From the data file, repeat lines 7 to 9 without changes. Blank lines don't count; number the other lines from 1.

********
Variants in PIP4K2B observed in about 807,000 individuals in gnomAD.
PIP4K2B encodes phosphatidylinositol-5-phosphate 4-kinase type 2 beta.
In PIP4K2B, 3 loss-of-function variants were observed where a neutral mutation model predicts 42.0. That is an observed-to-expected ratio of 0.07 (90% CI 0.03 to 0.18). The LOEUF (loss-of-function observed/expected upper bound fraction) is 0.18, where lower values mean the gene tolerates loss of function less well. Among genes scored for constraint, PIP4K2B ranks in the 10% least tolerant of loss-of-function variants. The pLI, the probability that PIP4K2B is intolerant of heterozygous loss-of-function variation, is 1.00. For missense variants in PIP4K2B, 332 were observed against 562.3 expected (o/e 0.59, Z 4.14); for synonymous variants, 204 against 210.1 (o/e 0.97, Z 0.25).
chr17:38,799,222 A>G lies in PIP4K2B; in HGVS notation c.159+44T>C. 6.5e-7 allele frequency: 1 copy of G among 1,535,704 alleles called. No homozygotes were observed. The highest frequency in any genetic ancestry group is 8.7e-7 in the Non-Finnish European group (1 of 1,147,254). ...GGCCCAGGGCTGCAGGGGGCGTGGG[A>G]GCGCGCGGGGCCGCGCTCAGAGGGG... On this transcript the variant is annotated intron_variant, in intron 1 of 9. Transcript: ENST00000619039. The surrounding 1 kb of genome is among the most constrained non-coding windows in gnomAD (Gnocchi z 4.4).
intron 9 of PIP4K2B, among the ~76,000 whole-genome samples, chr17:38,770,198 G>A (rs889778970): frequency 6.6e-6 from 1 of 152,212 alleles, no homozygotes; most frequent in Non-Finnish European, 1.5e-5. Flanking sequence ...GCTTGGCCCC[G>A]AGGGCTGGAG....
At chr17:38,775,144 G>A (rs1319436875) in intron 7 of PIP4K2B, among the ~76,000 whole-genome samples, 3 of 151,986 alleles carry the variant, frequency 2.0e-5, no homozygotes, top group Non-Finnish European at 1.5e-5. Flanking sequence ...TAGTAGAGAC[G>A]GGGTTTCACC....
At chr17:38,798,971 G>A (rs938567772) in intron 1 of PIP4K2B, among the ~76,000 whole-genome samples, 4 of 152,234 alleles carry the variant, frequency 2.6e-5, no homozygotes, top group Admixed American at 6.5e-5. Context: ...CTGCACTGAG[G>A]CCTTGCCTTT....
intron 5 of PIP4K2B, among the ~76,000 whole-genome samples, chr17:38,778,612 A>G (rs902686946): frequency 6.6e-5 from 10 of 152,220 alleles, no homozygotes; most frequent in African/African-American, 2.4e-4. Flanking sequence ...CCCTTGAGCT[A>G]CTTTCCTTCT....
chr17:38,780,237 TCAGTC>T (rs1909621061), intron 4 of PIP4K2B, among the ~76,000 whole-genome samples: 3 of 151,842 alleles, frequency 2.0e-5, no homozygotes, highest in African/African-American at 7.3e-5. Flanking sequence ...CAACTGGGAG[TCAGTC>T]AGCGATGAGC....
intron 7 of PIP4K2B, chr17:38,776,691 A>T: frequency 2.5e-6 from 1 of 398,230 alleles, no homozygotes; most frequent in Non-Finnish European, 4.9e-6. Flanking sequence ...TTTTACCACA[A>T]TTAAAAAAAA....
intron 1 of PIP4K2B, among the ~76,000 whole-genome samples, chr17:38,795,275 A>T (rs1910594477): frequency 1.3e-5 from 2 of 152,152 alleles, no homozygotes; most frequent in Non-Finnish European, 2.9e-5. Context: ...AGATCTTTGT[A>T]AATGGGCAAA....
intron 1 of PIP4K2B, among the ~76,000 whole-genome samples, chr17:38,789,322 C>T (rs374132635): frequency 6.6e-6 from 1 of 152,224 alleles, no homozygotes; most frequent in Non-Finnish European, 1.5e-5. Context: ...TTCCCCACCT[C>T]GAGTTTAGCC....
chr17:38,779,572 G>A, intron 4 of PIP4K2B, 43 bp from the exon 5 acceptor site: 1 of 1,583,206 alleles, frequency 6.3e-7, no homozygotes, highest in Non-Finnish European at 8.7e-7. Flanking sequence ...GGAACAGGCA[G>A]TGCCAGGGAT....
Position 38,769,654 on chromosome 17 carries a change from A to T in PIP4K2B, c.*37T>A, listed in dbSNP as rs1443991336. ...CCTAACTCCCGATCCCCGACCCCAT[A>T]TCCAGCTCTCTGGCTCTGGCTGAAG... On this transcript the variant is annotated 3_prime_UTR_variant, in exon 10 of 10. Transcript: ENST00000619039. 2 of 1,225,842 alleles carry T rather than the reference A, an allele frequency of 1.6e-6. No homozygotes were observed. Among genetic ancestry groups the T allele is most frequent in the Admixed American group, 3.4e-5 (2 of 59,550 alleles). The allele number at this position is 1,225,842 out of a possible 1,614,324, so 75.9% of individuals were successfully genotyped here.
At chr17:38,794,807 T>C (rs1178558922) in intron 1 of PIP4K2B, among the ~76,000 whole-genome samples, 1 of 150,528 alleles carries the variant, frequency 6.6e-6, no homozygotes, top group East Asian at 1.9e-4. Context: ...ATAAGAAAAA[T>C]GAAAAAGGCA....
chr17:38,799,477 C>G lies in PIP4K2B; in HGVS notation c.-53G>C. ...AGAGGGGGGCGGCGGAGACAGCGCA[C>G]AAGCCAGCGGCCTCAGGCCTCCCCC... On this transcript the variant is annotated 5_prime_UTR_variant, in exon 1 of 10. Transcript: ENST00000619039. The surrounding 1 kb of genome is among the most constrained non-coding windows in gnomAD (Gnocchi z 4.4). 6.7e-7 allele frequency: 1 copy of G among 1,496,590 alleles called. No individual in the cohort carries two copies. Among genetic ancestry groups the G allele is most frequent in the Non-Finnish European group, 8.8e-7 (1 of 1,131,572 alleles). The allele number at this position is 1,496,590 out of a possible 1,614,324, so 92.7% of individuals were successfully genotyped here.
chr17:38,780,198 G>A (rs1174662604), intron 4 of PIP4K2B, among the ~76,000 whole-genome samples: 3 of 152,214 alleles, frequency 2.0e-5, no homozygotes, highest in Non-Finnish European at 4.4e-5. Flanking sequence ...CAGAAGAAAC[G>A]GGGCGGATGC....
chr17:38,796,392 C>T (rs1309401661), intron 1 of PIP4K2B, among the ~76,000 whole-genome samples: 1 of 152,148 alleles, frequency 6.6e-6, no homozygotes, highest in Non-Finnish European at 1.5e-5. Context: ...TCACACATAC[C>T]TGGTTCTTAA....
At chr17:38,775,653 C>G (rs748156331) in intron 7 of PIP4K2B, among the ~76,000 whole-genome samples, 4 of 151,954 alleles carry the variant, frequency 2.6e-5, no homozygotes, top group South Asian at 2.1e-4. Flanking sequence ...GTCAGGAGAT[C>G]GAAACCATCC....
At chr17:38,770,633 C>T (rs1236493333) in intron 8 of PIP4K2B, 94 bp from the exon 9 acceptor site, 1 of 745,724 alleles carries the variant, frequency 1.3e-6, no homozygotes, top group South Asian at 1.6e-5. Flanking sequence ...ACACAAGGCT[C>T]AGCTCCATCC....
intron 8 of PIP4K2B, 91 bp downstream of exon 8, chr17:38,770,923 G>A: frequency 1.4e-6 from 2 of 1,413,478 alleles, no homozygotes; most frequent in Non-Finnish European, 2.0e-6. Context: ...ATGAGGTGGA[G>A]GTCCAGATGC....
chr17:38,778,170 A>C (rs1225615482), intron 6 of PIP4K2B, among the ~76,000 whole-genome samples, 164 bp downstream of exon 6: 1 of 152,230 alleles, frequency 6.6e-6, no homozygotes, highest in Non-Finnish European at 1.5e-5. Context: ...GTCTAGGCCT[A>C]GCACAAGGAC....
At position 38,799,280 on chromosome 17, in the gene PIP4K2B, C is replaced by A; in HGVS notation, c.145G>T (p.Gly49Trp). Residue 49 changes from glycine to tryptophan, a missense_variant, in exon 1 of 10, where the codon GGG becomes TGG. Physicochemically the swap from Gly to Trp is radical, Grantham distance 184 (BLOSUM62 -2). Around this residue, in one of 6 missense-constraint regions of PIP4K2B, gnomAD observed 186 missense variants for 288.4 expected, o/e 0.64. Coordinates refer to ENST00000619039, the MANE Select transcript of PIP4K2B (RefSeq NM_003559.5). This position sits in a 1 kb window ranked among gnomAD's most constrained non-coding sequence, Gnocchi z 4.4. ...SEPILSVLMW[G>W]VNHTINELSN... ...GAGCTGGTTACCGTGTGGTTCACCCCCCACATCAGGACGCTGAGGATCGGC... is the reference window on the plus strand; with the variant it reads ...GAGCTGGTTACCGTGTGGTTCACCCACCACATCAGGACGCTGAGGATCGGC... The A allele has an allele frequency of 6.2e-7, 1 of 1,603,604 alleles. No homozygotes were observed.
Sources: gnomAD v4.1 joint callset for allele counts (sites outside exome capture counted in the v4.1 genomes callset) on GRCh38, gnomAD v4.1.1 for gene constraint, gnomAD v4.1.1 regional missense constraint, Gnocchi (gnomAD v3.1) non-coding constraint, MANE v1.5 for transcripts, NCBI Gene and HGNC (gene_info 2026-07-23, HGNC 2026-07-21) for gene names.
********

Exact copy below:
At chr17:38,798,971 G>A (rs938567772) in intron 1 of PIP4K2B, among the ~76,000 whole-genome samples, 4 of 152,234 alleles carry the variant, frequency 2.6e-5, no homozygotes, top group Admixed American at 6.5e-5. Context: ...CTGCACTGAG[G>A]CCTTGCCTTT....
intron 5 of PIP4K2B, among the ~76,000 whole-genome samples, chr17:38,778,612 A>G (rs902686946): frequency 6.6e-5 from 10 of 152,220 alleles, no homozygotes; most frequent in African/African-American, 2.4e-4. Flanking sequence ...CCCTTGAGCT[A>G]CTTTCCTTCT....
chr17:38,780,237 TCAGTC>T (rs1909621061), intron 4 of PIP4K2B, among the ~76,000 whole-genome samples: 3 of 151,842 alleles, frequency 2.0e-5, no homozygotes, highest in African/African-American at 7.3e-5. Flanking sequence ...CAACTGGGAG[TCAGTC>T]AGCGATGAGC....